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Fall Fishing is Hot in Southeast Montana

Fall Fishing is Hot in Southeast Montana

As the temperatures cool down, the fishing in Southeast Montana is heating up. One of the best kept secrets in Southeast Montana is the reason people come from all over the world to this somewhat remote, but incredibly majestic region. The Bighorn River, a tributary of the Yellowstone River, is regarded as one of, if not the best, trout streams in the lower 48 states. The gentle, cool, clean waters are home to hundreds of fish in every mile.

While fishing for both brown and rainbow trout, enjoy the surrounding views of the Pryor and Bighorn mountains to the west and south as you listen to the babbling river flow and bask in the golden light cast by the river’s autumnal cottonwoods. Turn to the east and enjoy the views of the prairies and the millions of years of history they hold.

Nathan Satran

Best Time of Year

Fishing year-round in Montana isn’t for the faint of heart, but thankfully braving the cold waters of the winter isn’t necessary to test your luck on the waters out here. Most agree – late summer and early fall is the best time to catch fish on the Bighorn River. This time of year offers a look at the beauty of the changing colors on the landscape – both on the prairies and in the mountains.

For the more experienced and adventurous types, the Bighorn River can be tackled in the colder months because it doesn’t ice over. However, if you’re heading out in the winter, be prepared for cold weather and changing conditions including variable wind.

Alexis Bonogofsky

This best-kept secret hasn’t always been the oasis it is today. Changes to the river in the last century created this fisherman’s sanctuary.

Yellowtail Dam

After centuries of flooding, several studies were done in the early 1900s on the damming of the river. It was finally decided to build a dam that would stand 525 feet tall. Construction began in 1961 to temporarily reroute the river. The first batch of concrete was poured in 1963, and the project was completed in 1967. The Yellowtail Dam is named after Robert Yellowtail, a former chairman of the Crow Tribe, who was opposed to the project.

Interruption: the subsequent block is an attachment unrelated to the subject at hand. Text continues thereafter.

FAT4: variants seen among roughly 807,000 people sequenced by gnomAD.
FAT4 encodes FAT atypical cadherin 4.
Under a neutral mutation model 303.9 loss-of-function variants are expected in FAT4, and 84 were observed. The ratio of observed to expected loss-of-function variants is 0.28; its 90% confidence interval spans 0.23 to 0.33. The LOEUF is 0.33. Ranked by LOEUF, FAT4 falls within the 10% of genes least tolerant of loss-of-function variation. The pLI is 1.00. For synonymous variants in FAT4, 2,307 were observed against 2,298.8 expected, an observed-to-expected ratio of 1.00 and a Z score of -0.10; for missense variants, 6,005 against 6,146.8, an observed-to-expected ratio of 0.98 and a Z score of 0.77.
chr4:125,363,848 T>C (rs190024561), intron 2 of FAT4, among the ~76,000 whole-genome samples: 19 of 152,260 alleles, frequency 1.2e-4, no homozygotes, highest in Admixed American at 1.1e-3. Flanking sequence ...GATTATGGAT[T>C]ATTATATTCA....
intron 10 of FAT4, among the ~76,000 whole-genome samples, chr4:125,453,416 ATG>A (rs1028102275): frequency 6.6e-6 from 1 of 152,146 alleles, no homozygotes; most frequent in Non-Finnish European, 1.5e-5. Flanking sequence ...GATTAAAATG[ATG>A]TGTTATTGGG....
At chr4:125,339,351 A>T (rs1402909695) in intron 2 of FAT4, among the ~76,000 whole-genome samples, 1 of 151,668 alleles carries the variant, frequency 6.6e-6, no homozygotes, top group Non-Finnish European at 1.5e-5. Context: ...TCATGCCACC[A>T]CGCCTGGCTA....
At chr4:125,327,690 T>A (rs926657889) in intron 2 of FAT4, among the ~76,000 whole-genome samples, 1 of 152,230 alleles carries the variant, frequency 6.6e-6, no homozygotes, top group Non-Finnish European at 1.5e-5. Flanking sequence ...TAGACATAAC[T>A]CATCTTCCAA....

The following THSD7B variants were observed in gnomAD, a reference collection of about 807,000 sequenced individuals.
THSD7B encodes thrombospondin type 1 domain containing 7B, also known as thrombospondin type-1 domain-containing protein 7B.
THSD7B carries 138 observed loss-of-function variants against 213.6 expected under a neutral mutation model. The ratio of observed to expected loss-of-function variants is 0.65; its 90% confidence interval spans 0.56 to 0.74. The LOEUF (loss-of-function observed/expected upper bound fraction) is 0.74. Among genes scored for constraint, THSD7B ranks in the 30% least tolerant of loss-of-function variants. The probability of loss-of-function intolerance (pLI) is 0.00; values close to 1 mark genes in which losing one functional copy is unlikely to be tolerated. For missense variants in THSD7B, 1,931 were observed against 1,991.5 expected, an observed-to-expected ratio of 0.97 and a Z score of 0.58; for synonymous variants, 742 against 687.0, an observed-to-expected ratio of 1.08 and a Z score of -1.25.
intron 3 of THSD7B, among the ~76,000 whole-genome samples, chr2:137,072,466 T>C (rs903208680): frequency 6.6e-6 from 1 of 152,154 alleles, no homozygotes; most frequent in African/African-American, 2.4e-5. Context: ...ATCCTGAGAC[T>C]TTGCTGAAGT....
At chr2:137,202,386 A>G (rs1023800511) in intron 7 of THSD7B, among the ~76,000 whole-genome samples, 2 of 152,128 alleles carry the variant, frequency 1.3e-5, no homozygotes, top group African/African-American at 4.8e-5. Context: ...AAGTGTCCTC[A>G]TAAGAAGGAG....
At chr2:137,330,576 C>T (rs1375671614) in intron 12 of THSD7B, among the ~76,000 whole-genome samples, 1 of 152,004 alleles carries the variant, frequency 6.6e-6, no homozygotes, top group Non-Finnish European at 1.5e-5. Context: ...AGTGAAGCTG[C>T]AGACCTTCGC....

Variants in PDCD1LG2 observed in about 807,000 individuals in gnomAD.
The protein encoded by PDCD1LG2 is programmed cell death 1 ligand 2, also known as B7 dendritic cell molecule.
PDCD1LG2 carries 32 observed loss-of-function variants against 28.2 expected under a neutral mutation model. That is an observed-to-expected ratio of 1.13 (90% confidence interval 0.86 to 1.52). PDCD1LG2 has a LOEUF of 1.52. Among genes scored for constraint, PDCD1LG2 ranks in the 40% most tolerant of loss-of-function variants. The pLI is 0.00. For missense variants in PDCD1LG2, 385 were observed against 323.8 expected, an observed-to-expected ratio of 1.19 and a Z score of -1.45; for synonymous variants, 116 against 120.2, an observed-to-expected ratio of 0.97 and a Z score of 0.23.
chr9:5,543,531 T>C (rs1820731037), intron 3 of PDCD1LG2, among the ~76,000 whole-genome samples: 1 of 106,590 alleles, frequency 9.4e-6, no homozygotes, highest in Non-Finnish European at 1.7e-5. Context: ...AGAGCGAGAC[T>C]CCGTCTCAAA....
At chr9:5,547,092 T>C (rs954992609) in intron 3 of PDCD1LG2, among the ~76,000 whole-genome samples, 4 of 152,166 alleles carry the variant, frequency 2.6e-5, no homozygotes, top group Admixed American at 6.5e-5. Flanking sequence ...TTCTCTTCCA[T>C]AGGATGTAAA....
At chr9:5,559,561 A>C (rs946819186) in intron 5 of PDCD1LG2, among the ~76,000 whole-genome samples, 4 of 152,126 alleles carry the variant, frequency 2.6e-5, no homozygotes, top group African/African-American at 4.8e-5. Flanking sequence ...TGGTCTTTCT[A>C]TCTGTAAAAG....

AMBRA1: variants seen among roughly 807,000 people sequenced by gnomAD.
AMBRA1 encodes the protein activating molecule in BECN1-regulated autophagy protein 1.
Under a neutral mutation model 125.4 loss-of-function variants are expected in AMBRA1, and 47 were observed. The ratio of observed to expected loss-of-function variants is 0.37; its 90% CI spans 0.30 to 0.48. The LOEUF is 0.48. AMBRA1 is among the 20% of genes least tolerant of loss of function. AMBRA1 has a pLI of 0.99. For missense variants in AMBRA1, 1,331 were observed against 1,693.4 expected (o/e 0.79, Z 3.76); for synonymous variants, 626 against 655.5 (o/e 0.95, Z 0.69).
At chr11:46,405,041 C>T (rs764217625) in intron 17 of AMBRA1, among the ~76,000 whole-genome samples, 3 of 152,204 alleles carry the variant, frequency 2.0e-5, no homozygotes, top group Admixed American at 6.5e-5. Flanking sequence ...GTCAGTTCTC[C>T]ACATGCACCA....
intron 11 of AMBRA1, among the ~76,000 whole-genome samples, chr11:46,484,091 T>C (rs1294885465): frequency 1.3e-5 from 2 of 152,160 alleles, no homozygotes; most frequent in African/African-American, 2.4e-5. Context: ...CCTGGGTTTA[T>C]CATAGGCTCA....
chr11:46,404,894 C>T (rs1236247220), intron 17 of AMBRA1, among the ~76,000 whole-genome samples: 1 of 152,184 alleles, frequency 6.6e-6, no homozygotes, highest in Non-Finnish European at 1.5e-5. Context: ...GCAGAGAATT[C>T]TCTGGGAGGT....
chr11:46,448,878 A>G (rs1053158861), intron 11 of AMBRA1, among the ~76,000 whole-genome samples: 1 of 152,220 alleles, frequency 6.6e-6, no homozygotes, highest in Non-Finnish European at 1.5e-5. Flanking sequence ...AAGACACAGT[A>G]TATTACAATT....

The dam was dedicated in 1968, the same year the Bighorn National Canyon Recreation Area was designated. It encompasses the 71-mile long lake created as a result of the dam. Known locally as “Yellowtail,” Bighorn Lake straddles the Montana-Wyoming border with access in both states. The recreation area is managed today by the National Park Service.

National Park Service

Public Access

While more than 12,000 acres of land was acquired for the project from the Crow Tribe, agreements were made to assure the tribe and private landowners would still control the surrounding land.

As such, there are three points of public access on the upper 13 miles of river below Yellowtail Dam: Afterbay, 3 Mile (Lind Ranch) and 13 Mile (Bighorn Access). The National Park Service manages the Afterbay and 3 Mile access points, and Montana Fish, Wildlife & Parks manages the Bighorn Public Access Site. Put your drift boat in at any of these sites and navigate the dozen-plus miles of river looking for your catch. Or, if wading is more your style, take your chances walking up and down the river, making sure to stay below the high water mark.

Almost all of the land surrounding the river in this area is private, including much that is owned by the Crow Tribe. Shoreline access is available in a limited capacity at the three public access points. Visitors are asked to avoid trespassing by staying below the high water mark in all locations.

Find more information on best fishing practices and regulations on the National Park Service’s website. You can also find information on fishing through Montana’s Fish, Wildlife & Parks here.

Nathan Satran

Guides and Outfitters

Now that you’re ready to test your luck fishing the Bighorn River – planning your trip is the next step. If you’re looking for a little help during your expedition, there are plenty of Guides and Outfitters in the area with years of experience to share. If you’re heading out here to wade the waters on your own, we suggest lodging options in Hardin, which is about 30 minutes away, or Billings, which is a little over an hour’s drive. Find the perfect spot to rest your head here.

For those wanting to adventure out on your own, seasonal camping is also an option. Try one of the National Park Service campgrounds, or Cottonwood Camp. There are also options to rent boats to hit the waters.

Travel Alert: If you are planning to travel in Southeast Montana, please adhere to all local guidelines including wearing a mask in indoor spaces, staying home if you’re sick and knowing not all services may be available right now. Visit for the latest travel information.

Bighorn River Lodge

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